Owings was one of two Native American students from California to receive the annual award, which helps Native students pursue their education goals. The scholarship is given by the Morongo Band of Mission Indians.
“I want to thank Morongo for their support and encouragement in helping me attain my educational goals,” Owings told Indian Country Today.
A member of the Smith River Rancheria, Owings is of Tolowa, Chetco and Tutuini descent.
On campus, Owings serves as treasurer for the Many Tribal Nations club and is on the leadership council for the Indian Tribal & Educational and Personnel Program (ITEPP).
She has also served as grant administrator for the Seventh Generation Fund, an indigenous non-profit based in Arcata.
Last summer, Owings participated in Columbia University’s Indigenous Studies Summer Program. The intensive two-week immersion program focused on indigenous people’s rights and policy.
Owings’ future goals include earning a master’s degree in Strategic Sustainability and working with Native communities.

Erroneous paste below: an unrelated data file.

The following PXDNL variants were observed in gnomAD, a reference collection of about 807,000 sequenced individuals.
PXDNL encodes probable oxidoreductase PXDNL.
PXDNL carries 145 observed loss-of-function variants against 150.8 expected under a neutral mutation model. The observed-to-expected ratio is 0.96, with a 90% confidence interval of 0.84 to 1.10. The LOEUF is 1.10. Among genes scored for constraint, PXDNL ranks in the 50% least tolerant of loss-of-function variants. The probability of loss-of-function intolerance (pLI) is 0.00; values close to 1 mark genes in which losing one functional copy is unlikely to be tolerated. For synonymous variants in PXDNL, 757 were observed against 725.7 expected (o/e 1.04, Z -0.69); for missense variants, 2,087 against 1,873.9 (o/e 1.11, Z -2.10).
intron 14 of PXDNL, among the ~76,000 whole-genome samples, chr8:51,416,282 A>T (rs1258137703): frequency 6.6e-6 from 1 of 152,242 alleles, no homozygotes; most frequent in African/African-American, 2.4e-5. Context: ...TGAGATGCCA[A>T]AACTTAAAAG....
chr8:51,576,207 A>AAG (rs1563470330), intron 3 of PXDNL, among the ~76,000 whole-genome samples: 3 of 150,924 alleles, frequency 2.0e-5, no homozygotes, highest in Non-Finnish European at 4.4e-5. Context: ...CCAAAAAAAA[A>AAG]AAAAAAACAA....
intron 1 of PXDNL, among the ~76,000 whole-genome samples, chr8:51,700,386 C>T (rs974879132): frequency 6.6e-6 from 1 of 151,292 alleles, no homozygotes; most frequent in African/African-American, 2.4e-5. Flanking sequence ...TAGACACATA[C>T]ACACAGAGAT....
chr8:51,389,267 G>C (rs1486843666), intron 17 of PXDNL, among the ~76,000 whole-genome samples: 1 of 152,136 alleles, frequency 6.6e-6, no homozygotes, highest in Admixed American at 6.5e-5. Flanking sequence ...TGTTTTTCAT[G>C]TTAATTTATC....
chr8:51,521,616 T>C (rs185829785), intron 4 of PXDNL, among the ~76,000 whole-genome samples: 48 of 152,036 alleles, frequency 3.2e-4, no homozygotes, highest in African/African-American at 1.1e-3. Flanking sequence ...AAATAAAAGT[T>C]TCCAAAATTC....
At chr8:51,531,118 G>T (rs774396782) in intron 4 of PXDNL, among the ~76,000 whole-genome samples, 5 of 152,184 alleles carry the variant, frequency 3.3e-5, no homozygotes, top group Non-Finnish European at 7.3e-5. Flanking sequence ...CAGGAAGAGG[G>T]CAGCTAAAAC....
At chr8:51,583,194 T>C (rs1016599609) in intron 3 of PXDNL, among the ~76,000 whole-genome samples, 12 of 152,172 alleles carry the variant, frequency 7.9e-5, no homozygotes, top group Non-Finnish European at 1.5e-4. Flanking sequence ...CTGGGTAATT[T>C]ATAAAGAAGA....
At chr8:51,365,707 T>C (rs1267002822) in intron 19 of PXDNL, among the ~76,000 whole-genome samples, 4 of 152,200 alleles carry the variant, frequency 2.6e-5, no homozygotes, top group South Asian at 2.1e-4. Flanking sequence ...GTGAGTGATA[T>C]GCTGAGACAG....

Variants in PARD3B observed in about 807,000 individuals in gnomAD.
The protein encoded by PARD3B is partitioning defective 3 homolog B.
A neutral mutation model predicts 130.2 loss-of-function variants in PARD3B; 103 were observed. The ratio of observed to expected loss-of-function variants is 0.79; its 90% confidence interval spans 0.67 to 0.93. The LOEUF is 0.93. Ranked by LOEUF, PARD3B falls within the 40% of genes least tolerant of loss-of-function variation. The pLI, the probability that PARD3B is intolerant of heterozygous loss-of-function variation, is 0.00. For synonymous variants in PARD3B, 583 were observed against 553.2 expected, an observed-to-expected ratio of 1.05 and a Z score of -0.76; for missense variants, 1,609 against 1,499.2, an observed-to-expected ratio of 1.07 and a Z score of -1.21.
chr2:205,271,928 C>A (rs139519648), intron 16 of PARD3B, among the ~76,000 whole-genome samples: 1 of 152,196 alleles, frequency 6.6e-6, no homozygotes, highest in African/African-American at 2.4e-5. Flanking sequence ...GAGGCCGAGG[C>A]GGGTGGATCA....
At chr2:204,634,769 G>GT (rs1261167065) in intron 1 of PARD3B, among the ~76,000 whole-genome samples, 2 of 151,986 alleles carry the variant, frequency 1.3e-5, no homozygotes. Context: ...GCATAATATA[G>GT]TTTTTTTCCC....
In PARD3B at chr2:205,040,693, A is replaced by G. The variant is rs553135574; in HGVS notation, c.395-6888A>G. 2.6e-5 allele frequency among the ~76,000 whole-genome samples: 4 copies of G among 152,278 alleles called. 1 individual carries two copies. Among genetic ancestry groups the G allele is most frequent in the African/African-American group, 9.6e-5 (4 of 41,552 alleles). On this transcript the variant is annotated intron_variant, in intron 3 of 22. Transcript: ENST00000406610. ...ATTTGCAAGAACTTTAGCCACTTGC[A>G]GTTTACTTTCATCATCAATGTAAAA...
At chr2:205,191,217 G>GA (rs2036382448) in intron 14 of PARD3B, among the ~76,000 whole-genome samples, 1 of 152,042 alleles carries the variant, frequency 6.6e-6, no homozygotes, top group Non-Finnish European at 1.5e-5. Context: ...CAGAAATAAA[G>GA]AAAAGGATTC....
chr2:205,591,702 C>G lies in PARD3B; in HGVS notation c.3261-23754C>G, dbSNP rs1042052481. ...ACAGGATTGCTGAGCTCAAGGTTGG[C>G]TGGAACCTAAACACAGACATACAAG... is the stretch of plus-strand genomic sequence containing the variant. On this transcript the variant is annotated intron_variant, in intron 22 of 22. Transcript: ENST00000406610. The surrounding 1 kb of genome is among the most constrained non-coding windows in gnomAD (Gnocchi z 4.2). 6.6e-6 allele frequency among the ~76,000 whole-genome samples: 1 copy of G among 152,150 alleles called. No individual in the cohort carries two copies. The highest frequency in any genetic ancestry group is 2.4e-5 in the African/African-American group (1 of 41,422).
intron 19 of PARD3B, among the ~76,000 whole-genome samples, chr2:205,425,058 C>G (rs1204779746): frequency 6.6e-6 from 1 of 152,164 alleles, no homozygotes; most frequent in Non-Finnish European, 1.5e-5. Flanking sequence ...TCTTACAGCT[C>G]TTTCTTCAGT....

“I intend to use the skills and knowledge I develop over the coming years to help serve the Native American community,” she told Indian Country Today.
The annual scholarship is named after Rodney T. Mathews, a former Morongo tribal member and judge.
Humboldt State is a proven leader in serving Native American students. HSU was the first California State University (CSU) campus to offer a baccalaureate degree in Native American Studies, which is still the only program of its kind in the CSU system.
The university also offers a variety of support programs for Native students. The Indian Natural Resource, Science and Engineering Program (INRSEP) provides counseling to students majoring in the sciences and related disciplines. ITEPP helps students navigate the university system.